Issues & Insights Vol. 21 SR 3, pp. 6-13
Authors of this volume participated in the inaugural U.S.-Vietnam Next-Generation Leaders Initiative. With backgrounds in academia, public policy, military and industry, the cohort brings rich insights on the past, present, and future of the U.S.-Vietnam relationship. Between October 2020 and April 2021, cohort members engaged with senior experts and practitioners as they developed research papers addressing various aspects of the bilateral relationship.
The statements made and views expressed are solely the responsibility of the authors and do not necessarily reflect the views of their respective organizations and affiliations. For questions, please email email@example.com.
In July 2015, Communist Party of Vietnam (CPV) General Secretary Nguyen Phu Trong became Vietnam’s highest-rank- ing leader to set foot in the White House. The historic visit to the United States by the CPV chief marked an extraordinary milestone in Vietnam-U.S. relations, reaffirming the mutual commitment to respect “each other’s political systems, independence, sovereignty, and territorial integrity,” as reflected in the 2013 joint statement by then-President Barack Obama and then-President Truong Tan Sang of Vietnam.
The two countries have shared a difficult history. Millions of people on both sides lost their lives in the decade-long and most catastrophic war since World War II. Until today, traumatic memories of the Vietnam War haunt U.S. veterans, as well as their families, and on the other side of the Pacific, generations of Vietnamese people continue to suffer from the lasting effects of Agent Orange and unex- ploded ordnance (UXO). Against this backdrop, the evolution of Vietnam-U.S. relations in the last quarter of a century has demonstrated what former U.S. Ambassador to Vietnam, Daniel J. Kritenbrink asserted: “The sky is the limit.” Or, in the words of former Secretary of State and Senator John Kerry, “no two countries have worked harder, done more, and done better to overcome the past and work for the future” than Vietnam and the United States.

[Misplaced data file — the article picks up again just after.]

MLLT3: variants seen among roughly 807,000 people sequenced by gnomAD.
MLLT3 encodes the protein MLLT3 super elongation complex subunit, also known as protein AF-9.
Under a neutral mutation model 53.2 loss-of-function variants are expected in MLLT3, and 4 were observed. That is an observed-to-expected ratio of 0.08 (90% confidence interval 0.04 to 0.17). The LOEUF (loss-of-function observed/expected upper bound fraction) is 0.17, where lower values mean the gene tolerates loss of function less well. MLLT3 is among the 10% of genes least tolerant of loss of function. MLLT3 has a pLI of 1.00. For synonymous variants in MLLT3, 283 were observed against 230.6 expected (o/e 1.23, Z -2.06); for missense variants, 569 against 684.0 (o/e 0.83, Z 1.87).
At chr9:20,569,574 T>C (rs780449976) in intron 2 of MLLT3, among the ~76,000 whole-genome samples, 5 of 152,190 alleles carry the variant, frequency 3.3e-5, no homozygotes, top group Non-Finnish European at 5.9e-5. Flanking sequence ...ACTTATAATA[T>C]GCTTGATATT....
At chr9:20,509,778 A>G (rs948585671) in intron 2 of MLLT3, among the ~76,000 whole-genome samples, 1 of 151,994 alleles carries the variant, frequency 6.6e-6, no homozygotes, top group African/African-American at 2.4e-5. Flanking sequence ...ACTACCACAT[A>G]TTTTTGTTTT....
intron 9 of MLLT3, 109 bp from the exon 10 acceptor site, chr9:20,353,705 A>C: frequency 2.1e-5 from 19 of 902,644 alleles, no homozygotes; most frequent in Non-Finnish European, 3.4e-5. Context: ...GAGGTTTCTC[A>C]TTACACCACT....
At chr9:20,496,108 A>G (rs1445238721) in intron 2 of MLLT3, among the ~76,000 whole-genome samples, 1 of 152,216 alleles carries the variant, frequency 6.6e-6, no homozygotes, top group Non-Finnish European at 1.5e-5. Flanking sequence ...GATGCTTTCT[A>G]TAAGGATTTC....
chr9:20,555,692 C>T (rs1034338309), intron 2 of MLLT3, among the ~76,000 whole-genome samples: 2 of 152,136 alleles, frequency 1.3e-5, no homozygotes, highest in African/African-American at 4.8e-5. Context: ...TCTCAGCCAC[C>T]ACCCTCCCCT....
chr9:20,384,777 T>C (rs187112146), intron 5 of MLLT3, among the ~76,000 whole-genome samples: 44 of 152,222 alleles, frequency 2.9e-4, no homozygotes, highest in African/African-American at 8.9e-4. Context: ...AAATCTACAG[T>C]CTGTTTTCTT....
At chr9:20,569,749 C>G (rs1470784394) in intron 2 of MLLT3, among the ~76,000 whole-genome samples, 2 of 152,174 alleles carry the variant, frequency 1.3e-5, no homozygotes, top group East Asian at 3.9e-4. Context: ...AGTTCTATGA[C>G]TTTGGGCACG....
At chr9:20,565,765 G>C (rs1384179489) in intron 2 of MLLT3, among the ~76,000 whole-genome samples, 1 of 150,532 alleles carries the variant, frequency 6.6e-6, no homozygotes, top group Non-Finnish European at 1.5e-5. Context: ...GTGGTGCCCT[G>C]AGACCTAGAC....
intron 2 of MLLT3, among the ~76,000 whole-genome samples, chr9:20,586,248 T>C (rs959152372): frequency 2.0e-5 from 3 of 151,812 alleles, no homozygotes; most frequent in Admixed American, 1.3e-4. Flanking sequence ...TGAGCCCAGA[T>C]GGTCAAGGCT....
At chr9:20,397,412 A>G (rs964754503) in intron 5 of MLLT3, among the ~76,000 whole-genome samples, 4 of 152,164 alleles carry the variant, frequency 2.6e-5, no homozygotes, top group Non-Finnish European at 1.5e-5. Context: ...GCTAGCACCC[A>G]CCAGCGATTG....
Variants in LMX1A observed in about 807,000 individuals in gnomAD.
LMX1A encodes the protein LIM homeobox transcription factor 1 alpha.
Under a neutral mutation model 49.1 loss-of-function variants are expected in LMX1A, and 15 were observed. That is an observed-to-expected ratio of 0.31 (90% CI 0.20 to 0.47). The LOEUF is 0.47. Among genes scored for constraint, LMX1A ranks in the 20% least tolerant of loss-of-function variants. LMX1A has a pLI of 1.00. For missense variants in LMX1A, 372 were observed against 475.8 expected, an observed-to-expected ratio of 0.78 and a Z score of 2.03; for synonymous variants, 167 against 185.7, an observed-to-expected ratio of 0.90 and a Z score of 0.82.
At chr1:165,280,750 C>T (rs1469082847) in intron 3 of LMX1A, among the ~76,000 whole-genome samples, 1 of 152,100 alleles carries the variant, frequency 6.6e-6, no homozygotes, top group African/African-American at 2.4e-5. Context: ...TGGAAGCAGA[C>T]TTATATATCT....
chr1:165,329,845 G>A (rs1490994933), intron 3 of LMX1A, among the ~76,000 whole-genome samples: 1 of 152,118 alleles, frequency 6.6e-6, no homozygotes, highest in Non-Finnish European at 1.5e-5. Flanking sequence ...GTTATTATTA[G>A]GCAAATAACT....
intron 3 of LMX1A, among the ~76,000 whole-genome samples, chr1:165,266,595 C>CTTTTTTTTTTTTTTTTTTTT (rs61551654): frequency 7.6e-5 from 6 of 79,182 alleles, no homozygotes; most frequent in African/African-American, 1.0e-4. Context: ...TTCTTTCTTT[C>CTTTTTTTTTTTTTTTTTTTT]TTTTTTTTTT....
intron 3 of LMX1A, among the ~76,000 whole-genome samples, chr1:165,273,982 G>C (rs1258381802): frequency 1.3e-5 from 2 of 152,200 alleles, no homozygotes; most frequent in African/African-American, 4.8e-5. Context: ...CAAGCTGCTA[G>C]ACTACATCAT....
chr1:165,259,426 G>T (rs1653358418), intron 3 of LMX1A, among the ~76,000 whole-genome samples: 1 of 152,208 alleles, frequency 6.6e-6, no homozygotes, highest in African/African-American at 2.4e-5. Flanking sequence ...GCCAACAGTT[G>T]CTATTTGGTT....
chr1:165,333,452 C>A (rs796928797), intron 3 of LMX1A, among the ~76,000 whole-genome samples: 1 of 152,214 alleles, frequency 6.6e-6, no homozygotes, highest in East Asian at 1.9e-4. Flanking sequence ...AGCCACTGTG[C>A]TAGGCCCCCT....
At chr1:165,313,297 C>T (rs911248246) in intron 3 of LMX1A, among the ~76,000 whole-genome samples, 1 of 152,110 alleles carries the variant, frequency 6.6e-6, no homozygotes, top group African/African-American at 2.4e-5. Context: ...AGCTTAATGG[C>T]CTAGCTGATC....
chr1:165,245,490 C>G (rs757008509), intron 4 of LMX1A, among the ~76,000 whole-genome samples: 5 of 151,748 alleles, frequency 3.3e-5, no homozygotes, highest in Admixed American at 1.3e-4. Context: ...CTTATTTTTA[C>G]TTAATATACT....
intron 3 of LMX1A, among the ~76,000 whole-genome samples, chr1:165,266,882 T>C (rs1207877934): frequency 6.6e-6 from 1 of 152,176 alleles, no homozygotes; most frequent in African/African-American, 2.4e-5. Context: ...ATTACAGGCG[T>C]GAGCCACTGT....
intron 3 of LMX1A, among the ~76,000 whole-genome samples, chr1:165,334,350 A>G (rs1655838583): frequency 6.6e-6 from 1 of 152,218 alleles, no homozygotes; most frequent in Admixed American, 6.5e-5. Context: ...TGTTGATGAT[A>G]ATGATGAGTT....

This paper discusses the motivation of the two countries to embrace closer relations and reviews the evolution of bilateral ties since the Obama administration. This paper observes that the current status of the bilateral relations is “strategic” in the name of a “comprehensive partnership,” and that Vietnam and the United States have more leeway to move the relations forward.
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Tu Lai is a research fellow at the Institute for Foreign Policy and Strategic Studies, the Diplomatic Academy of Vietnam. His research interests include U.S. foreign policy, U.S.-Vietnam relations, U.S.-China relations, and international relations in East Asia. He holds a Bachelor of Arts in International Relations from the Diplomacy Academy of Vietnam and a Master of Arts in International Affairs from the Elliott School of International Affairs, the George Washington University. He has published in East-West Center’s Asia Pacific Bulletin, East Asia Forum, among others.
Photo: Capt. Lex Walker, commodore, Destroyer Squadron 7, interacts with a resident of Khanh Hoa Center for Social Protection during Naval Engagement Activity (NEA) Vietnam 2017. The engagement provides an opportunity for Sailors from the U.S. and Vietnam People’s Navy to interact and share knowledge to enhance mutual capabilities and strengthen solid partnerships with the local community. Source: U.S. Navy photo by Mass Communication Specialist 2nd Class Joshua Fulton/Released